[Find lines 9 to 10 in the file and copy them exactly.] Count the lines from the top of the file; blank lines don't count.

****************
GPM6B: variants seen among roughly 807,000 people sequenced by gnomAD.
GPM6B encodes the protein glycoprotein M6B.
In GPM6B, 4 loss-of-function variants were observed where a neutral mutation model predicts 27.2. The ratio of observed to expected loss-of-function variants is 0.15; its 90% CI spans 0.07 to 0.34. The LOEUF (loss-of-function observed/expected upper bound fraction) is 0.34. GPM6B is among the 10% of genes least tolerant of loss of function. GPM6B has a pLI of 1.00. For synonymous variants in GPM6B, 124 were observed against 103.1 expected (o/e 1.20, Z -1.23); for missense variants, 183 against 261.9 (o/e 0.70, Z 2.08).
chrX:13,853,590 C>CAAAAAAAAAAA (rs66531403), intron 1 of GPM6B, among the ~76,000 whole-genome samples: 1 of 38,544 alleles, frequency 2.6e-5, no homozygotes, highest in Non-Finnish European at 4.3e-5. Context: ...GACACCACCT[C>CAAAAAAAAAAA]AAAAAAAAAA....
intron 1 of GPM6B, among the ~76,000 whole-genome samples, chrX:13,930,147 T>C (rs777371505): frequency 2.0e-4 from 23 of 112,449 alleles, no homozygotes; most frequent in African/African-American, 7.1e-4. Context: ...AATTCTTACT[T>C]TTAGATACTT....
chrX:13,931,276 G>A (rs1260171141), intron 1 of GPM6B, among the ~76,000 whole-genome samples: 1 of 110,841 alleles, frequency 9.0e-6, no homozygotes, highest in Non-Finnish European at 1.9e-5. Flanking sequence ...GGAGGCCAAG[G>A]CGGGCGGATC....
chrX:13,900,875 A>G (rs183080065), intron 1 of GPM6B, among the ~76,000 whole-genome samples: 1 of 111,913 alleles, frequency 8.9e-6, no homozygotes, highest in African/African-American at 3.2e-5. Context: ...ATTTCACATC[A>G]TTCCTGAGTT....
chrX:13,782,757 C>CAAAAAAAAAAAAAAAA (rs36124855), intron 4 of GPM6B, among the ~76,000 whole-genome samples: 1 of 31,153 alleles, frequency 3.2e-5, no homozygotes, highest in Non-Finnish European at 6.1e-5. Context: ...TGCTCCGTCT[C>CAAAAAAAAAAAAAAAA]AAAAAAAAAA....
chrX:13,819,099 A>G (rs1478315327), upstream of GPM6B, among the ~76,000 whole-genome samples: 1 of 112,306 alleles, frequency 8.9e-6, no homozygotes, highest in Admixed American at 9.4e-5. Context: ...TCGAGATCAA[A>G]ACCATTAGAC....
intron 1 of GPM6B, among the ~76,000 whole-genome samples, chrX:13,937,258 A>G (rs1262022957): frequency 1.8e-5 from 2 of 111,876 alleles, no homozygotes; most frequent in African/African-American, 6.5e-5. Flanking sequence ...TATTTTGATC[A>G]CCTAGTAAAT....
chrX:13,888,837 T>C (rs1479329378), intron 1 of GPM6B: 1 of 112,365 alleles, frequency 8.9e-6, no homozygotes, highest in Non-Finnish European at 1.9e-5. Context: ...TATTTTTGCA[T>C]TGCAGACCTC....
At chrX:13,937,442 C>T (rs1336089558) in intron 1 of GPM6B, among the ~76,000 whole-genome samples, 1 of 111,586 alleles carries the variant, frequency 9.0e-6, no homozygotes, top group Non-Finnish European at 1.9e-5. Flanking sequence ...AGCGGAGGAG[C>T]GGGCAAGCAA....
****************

chrX:13,819,099 A>G (rs1478315327), upstream of GPM6B, among the ~76,000 whole-genome samples: 1 of 112,306 alleles, frequency 8.9e-6, no homozygotes, highest in Admixed American at 9.4e-5. Context: ...TCGAGATCAA[A>G]ACCATTAGAC....
intron 1 of GPM6B, among the ~76,000 whole-genome samples, chrX:13,937,258 A>G (rs1262022957): frequency 1.8e-5 from 2 of 111,876 alleles, no homozygotes; most frequent in African/African-American, 6.5e-5. Flanking sequence ...TATTTTGATC[A>G]CCTAGTAAAT....